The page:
The Singaporean Standard of Beauty: Why I hate it

I look like this.

Fathin Ungku| September 27, 12:55 PM

Being dark and having a near afro can give me a hard time in Singapore.

For a country that takes pride in diversity, the standards (or should I more aptly say standard) of beauty is rather homogeneous. Cookie cutter. Uninteresting. Bland. Very unrepresentative of the multi-cultural and multi-ethnic society Singapore is.

I am pissed.

Beyonce thinks I'm beautiful because her songs Flawless, That’s Why You’re Beautiful and God Made You Beautiful are empowering tunes and reminders.

But according to Singaporean standards, I'm not.

Fair skin? Big eyes (aided by the Holy Oriental Girl Trinity of eyeliner, fake lashes and rimmed contact lenses)? Long flowy hair that is soft and smooth with minimal frizz? Waif-like figure? And the most bizarre one I've come across: A slim V-shaped face?

Congratulations! You look like another one of those Korean pop star wannabes are beautiful!


Pet peeves

The number one pet peeve I have with the Singaporean Standard of Beauty (SSB)? That idea that fair skin is preferable to darker skin tones.

This ideal probably comes from a deep seated colonial hangover where the closer one resembles an Ang Moh the better-looking he or she is. Or perhaps the fact that having darker skin showcases one's economic standing.

After all, in the past, the working class were darker as they got tanned while engaging in manual labour under the hot sun. But it’s 2014 now, darker skin tones do not indicate your socio-economic status. It just means that you have South Indian ancestry or are Malay or used to play some outdoor sport in secondary school.

Of course, like all standards, the SSB has "anomalies" too. Except, when the darker skinned are being called "pretty" or seen as attractive, they are usually backhanded compliments such as: "Siti is very pretty for a dark Malay girl ah!"

"Yeah cos she got sharp nose and her eyes damn big and eyelashes so nice sia!"

You basically need some features that resemble that of a Caucasian to compensate your dark ugly skin. In Malay, we have a term called "hitam manis" which means "sweet-looking dark person" because you know, most dark people don't look very nice.

No one calls a fair person "sweet-looking fair person", you are just "sweet looking". Ah, the double standards!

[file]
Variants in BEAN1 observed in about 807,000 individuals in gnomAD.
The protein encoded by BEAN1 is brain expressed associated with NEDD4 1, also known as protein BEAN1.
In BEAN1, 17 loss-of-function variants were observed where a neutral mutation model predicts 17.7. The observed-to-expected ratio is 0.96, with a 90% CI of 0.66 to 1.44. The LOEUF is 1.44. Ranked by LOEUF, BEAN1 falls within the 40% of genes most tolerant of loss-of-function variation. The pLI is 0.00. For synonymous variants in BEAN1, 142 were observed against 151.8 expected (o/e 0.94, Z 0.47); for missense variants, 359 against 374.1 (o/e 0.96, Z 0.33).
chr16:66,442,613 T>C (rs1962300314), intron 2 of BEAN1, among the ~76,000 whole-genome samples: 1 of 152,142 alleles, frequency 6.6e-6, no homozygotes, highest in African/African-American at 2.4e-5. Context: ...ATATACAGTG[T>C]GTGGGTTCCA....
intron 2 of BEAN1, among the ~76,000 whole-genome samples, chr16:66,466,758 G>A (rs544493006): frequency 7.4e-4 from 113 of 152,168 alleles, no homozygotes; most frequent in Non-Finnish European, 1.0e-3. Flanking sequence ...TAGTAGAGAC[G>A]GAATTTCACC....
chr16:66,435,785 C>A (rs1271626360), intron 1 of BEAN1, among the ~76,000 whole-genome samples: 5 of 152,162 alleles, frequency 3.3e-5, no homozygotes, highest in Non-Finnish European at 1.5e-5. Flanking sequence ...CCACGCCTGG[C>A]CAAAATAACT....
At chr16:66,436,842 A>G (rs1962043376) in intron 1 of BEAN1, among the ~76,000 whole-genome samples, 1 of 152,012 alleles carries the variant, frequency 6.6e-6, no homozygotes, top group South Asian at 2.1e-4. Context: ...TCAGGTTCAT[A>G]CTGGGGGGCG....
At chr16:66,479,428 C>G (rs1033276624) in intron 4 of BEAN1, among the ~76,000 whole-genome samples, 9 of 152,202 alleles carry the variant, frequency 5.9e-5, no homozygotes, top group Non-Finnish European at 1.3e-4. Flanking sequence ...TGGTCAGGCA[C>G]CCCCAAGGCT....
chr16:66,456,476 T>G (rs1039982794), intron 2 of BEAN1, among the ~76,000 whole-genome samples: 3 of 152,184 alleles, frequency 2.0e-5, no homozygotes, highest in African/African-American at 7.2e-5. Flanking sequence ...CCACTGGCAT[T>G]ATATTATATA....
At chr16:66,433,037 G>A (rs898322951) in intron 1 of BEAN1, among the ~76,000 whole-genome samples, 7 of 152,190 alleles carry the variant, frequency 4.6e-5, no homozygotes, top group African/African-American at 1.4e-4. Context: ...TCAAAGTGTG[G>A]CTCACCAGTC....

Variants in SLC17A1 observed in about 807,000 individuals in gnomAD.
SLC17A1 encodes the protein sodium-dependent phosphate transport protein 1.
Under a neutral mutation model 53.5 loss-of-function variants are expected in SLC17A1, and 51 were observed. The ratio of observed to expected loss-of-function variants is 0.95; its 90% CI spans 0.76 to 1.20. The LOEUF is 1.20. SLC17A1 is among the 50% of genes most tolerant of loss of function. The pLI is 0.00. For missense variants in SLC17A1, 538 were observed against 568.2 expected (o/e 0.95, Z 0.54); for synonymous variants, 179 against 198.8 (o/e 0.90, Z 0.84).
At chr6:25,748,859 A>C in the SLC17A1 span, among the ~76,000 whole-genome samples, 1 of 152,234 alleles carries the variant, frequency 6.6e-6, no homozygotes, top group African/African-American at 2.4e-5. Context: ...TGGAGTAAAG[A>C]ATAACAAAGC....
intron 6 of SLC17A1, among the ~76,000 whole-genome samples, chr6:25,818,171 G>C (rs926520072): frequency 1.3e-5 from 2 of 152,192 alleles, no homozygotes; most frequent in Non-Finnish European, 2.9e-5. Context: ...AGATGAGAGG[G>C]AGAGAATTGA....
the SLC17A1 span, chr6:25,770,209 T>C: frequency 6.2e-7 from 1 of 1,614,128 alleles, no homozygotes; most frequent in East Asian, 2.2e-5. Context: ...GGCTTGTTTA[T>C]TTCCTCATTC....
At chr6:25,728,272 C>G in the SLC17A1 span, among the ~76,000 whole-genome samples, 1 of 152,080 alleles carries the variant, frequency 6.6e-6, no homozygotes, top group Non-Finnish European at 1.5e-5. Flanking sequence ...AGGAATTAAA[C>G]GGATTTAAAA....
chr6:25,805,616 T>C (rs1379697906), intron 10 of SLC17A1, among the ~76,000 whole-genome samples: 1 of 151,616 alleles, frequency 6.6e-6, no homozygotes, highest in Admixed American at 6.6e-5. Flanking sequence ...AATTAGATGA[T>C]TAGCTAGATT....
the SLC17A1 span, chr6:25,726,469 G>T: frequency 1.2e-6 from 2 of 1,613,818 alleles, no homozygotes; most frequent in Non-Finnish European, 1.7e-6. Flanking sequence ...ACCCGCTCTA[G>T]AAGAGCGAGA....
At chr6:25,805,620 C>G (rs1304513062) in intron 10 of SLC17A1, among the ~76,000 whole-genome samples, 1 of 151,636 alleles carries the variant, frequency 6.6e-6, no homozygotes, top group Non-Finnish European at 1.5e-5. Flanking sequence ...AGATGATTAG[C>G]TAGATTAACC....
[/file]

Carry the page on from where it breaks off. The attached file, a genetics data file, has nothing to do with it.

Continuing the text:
Photo from Sham(@bitterarab) on Twitter

How M.I.A. looks like on Singapore’s edition of Nylon magazine vs How rapper MIA looks like.


Beauty products

Let's not forget the plethora of skin whitening products available here. It is sickening. You have whitening products for a fairer face, fairer body, fairer nipples and fairer BUTTHOLES! I kid you not.

I will break into Lady Gaga's Born This Way the next time a sales assistant tells me product X will make my skin better because it will make my skin whiter. Do you not understand that I have tanned skin because I was born like this? That this is not a defect? That nothing is wrong with my tanned skin?

Picture adapted from Amazon and Alibaba


Having very, very, very, curly hair and being teased about it because it doesn't fit into the SSB hurt my self-esteem quite a bit as a kid. My schoolmates back in school would ask me what was "wrong" with my hair or whether I combed or washed it regularly.

Some with good intentions even told me my hair’s the way it is because I haven’t experienced the magic of a conditioner: "You know, that thing that you use after shampoo? It makes my hair soft!", exclaimed the straight, glossy haired Sarah.

I shampoo, condition and use a leave-in conditioner (for the unenlightened, it is the conditioner post-shampoo and the usual in-shower conditioner). My hair is still as big and as frizzy.

I don’t blame them for coming to such conclusions, because firstly, you don’t see many people with naturally big hair like I do on the streets of Singapore, and secondly, we have been conditioned (pun intended) to believe through advertising and pop stars (with hairstylists on hand) that frizz is bad and "straight and silky" is good hair.

As a result, Singaporeans become ignorant to the physical features of those who look different and deem their features as "bad" or "wrong". I have curly hair but there is nothing inherently "wrong" with it. I do not need it to be "fixed".


Other SSBs I find infuriating:

1. Contact lenses to make your pupils bigger

Photo from



2. Creams to achieve a “V-shaped” face

Photo from Amazon

Really? Do women actually BUY these things thinking their entire bone structure would change "in six weeks"?


3. Eyebrow tattoos

Photo by Circe Denyer on Public Domain Pictures

Does this mean that you won’t be able to change your expression... forever?

The products and services available for people to conform to the SSB does not stop there. There are double eyelid surgery, chemical hair straightening and even rollers to make your cute flat Asian button nose to that of a Caucasians.

So I’ve managed to sound like an angry, very affected, dark skinned, frizz ball. While I understand that standards of beauty are not exclusive to Singapore, I just wished Singaporeans, as a multi-cultural, multi-ethnic nation, celebrate diversity instead of pressurising people to conform into a single mould.

Come on, we have enough of that from the government already.

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Top image from Fathin Ungku

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